Am I writing a website or an application?

Websites are mainly page based, and the page load times needs to be as fast as possible (for example - Wikipedia) . Web applications are more AJAX heavy and perform a lot of round trips to get the client fast information (for example - a stock dashboard).

Website

Sending more requests from the client after the initial request is done is slow as it requires more HTTP requests which have significant overhead. Moreover, it requires asynchronousity as making an AJAX request requires a handler for when it's complete.

I would not recommend making another request unless your site is an application for getting that information from the server.

You want fast response times which have a huge impact on conversion and load times. Making ajax requests is slow for the initial uptime in this case and unneeded.

You have two ways to tackle the issue

  • Set a cookie - cookies are headers sent in HTTP requests that both the server and client can read.
  • Encode the variable as JSON - JSON looks very close to JavaScript objects and most JSON objects are valid JavaScript variables.

Setting a cookie is really not very difficult, you just assign it a value:

setcookie("MyCookie", $value); // sets the cookie to the value, remember, do not // set it with HTTP only to true.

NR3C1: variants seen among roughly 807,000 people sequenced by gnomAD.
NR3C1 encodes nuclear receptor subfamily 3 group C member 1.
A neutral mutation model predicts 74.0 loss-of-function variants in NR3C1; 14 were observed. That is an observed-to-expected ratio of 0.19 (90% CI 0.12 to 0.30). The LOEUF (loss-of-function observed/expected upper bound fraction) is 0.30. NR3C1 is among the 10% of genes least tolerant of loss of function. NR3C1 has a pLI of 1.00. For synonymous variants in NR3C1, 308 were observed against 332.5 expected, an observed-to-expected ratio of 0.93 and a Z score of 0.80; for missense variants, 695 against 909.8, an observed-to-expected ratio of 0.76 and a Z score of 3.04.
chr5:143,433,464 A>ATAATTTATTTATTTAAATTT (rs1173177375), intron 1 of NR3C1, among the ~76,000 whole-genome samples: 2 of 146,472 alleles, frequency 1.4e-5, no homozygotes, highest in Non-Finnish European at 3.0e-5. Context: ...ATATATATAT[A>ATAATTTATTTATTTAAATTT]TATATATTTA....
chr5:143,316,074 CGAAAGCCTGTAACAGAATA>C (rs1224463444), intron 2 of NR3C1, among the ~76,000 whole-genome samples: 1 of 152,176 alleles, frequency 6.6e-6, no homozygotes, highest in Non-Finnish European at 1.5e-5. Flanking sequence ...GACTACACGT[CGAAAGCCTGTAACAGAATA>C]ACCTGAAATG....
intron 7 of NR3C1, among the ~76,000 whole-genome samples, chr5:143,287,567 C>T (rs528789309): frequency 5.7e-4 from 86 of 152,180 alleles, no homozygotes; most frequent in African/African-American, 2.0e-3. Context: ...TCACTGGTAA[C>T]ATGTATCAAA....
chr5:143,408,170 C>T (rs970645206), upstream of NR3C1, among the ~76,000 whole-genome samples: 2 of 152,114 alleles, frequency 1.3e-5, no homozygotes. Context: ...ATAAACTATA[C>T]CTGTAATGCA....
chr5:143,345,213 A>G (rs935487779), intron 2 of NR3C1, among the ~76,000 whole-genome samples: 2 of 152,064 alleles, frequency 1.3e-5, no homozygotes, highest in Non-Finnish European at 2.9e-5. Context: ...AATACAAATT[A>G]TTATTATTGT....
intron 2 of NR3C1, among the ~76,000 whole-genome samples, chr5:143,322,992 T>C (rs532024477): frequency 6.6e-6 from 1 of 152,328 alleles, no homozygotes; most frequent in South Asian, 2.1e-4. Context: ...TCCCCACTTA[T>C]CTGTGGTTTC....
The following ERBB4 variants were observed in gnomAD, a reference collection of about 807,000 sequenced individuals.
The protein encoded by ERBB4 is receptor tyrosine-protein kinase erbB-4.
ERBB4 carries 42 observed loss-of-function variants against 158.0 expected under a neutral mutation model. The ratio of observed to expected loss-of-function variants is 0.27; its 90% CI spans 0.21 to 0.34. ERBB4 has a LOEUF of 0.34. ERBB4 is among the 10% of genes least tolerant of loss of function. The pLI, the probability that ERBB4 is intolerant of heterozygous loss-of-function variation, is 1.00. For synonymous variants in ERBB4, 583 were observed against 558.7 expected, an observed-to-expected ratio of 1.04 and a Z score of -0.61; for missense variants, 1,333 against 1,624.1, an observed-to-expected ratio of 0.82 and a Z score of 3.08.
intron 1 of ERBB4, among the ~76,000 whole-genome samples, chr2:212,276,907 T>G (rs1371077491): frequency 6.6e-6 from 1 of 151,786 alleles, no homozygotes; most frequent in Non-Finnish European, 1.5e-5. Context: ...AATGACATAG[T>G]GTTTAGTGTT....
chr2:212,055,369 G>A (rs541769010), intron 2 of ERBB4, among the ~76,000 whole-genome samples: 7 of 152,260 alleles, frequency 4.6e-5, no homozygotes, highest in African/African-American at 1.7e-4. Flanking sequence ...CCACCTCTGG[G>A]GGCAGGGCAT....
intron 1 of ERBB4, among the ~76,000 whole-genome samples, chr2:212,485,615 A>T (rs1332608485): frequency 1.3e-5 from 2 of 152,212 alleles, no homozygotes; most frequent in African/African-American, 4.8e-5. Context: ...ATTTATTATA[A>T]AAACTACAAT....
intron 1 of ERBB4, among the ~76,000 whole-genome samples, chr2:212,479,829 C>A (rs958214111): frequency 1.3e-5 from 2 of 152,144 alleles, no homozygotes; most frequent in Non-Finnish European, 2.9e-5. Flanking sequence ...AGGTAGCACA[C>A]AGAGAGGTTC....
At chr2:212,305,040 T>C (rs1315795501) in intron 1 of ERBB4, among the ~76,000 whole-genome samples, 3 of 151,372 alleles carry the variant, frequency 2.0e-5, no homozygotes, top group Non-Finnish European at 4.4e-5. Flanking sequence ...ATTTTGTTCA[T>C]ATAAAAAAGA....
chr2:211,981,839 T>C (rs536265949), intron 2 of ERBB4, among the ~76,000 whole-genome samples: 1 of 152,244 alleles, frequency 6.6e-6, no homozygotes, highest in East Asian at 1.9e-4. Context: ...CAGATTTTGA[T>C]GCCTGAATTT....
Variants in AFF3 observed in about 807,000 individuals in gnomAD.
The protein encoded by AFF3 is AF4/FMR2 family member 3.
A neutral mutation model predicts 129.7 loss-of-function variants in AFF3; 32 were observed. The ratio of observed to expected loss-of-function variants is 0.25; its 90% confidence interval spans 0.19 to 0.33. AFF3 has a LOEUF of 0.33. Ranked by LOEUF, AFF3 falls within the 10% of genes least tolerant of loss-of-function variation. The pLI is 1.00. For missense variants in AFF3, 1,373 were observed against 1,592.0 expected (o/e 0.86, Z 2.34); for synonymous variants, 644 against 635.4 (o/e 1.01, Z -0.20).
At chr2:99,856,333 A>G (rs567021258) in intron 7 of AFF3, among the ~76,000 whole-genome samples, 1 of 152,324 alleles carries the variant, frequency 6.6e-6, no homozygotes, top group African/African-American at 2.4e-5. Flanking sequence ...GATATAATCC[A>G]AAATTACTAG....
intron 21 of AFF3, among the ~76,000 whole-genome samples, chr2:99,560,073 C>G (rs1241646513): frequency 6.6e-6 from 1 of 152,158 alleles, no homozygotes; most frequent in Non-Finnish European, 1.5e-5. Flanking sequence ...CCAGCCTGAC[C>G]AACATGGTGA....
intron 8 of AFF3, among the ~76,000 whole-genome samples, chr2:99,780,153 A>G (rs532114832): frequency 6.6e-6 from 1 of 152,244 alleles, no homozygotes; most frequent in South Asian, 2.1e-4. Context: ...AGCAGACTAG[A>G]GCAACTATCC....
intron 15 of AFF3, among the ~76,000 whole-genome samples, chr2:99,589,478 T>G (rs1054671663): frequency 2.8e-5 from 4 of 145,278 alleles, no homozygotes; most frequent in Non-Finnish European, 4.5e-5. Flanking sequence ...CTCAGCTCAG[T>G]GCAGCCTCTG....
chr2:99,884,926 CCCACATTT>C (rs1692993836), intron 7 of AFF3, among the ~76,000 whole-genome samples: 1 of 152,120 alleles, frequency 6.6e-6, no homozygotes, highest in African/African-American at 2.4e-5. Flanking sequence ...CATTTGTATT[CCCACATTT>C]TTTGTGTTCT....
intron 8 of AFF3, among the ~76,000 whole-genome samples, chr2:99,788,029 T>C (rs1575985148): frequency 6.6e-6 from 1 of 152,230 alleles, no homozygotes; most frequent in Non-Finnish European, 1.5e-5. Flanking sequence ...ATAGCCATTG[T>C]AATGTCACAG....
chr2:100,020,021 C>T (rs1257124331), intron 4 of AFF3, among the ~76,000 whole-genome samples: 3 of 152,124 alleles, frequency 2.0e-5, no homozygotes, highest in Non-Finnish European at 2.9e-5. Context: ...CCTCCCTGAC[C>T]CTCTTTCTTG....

Then, you can read it with JavaScript using document.cookie:

Here is a short hand rolled parser, but the answer I linked to right above this has better tested ones:

var cookies = document.cookie.split(";"). map(function(el){ return el.split("="); }). reduce(function(prev,cur){ prev[cur[0]] = cur[1];return prev },{}); cookies["MyCookie"] // value set with php. 

Cookies are good for a little data. This is what tracking services often do.

Once we have more data, we can encode it with JSON inside a JS variable instead:

<script> var myServerData = <?=json_encode($value)?>; // don't forget to sanitize //server data </script> 

Assuming $value is json_encodeable on the PHP side (it usually is). This technique is what StackOverflow does with its chat for example (only using .net instead of php).

Application

If you're writing an application - suddenly the initial load time isn't always as important as the ongoing performance of the app and it starts to pay off to load data and code separately.

My answer here explains how to load data using AJAX in JavaScript:

function callback(data){ // what do I do with the response? } var httpRequest = new XMLHttpRequest; httpRequest.onreadystatechange = function(){ if (httpRequest.readyState === 4) {// request is done if (httpRequest.status === 200) {// successfully callback(httpRequest.responseText);// we're calling our method } } }; httpRequest.open('GET', "/echo/json"); httpRequest.send(); 

Or with jQuery:

$.get("/your/url").done(function(data){ // what do I do with the data? });